Ex-Greek PM Samaras says Merkel offered to withdraw Greece from Eurozone

ATHENS, May 24: Former Greece Prime Minister Antonis Samaras said German Chancellor Angela Merkel had proposed him to carry out a temporary “Grexit” – to withdraw the country from Eurozone amid the large-scale economic crisis it experienced – but he had rejected the offer.
In an interview with the Skai broadcaster published on Thursday, the former prime minister said that he met with Merkel in Berlin on August 24, 2012, when they discussed the crisis in Greece and Merkel asked Samaras if he wanted Greece to leave Eurozone. Merkel added that there was some plan B to help Athens in that case.
“I immediately cut her short and said: ‘ We will not continue this discussion, it does not exist. I do not accept this and will not, in any case, agree to withdraw Greece from euro so forget about it’,” Samaras told Skai.
The former prime minister added that had he mentioned about this talk to anyone, it would create turbulence on markets and in the economy.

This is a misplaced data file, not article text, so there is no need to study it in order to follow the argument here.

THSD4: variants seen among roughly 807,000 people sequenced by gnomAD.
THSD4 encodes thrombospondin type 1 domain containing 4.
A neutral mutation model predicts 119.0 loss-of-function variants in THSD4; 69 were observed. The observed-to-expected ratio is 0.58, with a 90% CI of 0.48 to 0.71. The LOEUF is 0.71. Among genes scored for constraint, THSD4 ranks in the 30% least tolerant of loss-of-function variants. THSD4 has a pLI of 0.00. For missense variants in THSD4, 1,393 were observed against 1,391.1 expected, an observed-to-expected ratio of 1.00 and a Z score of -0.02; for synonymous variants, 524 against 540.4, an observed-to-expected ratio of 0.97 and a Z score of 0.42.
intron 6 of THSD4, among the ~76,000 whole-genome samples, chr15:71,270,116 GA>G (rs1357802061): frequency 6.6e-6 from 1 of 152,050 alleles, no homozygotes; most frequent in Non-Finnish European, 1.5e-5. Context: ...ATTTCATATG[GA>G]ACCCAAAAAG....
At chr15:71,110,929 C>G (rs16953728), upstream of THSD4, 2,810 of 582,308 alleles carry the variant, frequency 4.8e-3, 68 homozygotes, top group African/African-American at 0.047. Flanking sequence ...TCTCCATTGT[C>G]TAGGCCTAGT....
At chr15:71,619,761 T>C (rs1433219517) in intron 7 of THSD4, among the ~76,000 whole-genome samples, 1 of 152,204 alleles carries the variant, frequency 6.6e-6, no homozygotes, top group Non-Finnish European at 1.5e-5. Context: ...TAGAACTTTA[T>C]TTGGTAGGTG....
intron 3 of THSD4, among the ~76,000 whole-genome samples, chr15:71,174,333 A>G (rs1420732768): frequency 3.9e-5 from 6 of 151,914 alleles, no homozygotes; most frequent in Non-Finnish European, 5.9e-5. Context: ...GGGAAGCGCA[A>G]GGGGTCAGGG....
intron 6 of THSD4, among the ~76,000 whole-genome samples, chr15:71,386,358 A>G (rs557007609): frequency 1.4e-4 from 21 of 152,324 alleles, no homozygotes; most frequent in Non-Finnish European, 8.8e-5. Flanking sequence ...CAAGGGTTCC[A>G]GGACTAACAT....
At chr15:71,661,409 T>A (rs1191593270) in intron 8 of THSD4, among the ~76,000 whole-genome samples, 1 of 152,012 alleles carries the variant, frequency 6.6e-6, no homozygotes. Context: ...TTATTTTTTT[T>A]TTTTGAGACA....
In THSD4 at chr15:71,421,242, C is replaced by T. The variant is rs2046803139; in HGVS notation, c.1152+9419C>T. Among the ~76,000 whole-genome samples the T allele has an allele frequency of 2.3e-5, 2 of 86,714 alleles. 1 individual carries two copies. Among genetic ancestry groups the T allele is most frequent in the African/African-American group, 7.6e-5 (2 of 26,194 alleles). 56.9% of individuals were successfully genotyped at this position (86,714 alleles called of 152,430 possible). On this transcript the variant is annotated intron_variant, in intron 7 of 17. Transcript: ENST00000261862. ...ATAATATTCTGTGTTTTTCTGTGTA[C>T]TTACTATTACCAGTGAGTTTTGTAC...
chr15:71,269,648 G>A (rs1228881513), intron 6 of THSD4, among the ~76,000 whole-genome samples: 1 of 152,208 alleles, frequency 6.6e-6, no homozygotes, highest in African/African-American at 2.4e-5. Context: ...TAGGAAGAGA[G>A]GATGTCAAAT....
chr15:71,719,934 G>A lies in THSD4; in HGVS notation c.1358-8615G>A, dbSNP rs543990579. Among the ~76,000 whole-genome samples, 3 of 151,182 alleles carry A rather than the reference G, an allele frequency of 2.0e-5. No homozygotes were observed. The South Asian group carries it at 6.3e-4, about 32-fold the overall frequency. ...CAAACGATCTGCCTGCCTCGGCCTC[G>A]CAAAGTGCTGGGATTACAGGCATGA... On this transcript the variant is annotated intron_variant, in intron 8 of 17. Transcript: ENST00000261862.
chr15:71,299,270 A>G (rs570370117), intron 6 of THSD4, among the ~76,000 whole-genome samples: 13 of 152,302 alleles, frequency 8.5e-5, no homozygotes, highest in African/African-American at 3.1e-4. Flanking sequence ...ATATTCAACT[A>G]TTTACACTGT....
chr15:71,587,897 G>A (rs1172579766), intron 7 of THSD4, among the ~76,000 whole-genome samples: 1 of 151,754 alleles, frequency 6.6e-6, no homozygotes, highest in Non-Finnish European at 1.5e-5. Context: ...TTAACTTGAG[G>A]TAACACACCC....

Samaras noted that then, Greece managed to meet all preconditions for receiving the huge 54 billion euro ($60 billion) loan.
The three-year financial assistance program of the European Stability Mechanism (ESM), the international financial institution set up by the euro area member states, to Greece successfully concluded in August.The Greece support package was agreed by ESM members in August 2015.
Greece also received 32.1 billion euros in loans from the International Monetary Fund (IMF) to tackle the economic crisis.
A series of crises hit Greece in the aftermath of the global financial downturn of 2007-08. Between 2010 and 2012, 52.9 billion euros in loans were disbursed to Greece by euro zone members under the so-called Greek Loan Facility to held Athens cope with the recess. In 2012-2015, Greece received 141.8 billion euros in loans from the European Financial Stability Facility.
The Greek authorities were forced to carry out unpopular austerity reforms in exchange for the loans.
Greece jointed Eurozone in 2001 and in 2015, its exit from the bloc was narrowly averted.